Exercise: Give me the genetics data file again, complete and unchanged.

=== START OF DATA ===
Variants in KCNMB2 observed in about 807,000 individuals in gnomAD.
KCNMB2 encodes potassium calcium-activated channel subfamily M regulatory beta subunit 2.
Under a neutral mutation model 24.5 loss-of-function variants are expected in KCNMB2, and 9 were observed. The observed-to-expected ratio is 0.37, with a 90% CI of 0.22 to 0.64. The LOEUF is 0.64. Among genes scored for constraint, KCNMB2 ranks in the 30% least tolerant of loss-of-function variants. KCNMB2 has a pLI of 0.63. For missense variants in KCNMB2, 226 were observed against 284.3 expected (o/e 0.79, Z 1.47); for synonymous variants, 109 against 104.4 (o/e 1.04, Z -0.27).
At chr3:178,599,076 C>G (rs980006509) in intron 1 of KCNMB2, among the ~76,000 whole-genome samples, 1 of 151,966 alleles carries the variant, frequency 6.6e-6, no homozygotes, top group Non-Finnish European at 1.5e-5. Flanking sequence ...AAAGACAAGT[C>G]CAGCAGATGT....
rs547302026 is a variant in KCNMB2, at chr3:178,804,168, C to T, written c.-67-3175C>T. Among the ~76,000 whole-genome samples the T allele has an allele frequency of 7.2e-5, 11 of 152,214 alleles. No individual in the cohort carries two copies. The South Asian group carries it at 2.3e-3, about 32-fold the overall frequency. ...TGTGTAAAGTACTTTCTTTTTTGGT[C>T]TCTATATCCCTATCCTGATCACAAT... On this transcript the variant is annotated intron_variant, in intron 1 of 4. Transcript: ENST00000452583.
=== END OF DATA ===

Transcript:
Variants in KCNMB2 observed in about 807,000 individuals in gnomAD.
KCNMB2 encodes potassium calcium-activated channel subfamily M regulatory beta subunit 2.
Under a neutral mutation model 24.5 loss-of-function variants are expected in KCNMB2, and 9 were observed. The observed-to-expected ratio is 0.37, with a 90% CI of 0.22 to 0.64. The LOEUF is 0.64. Among genes scored for constraint, KCNMB2 ranks in the 30% least tolerant of loss-of-function variants. KCNMB2 has a pLI of 0.63. For missense variants in KCNMB2, 226 were observed against 284.3 expected (o/e 0.79, Z 1.47); for synonymous variants, 109 against 104.4 (o/e 1.04, Z -0.27).
At chr3:178,599,076 C>G (rs980006509) in intron 1 of KCNMB2, among the ~76,000 whole-genome samples, 1 of 151,966 alleles carries the variant, frequency 6.6e-6, no homozygotes, top group Non-Finnish European at 1.5e-5. Flanking sequence ...AAAGACAAGT[C>G]CAGCAGATGT....
rs547302026 is a variant in KCNMB2, at chr3:178,804,168, C to T, written c.-67-3175C>T. Among the ~76,000 whole-genome samples the T allele has an allele frequency of 7.2e-5, 11 of 152,214 alleles. No individual in the cohort carries two copies. The South Asian group carries it at 2.3e-3, about 32-fold the overall frequency. ...TGTGTAAAGTACTTTCTTTTTTGGT[C>T]TCTATATCCCTATCCTGATCACAAT... On this transcript the variant is annotated intron_variant, in intron 1 of 4. Transcript: ENST00000452583.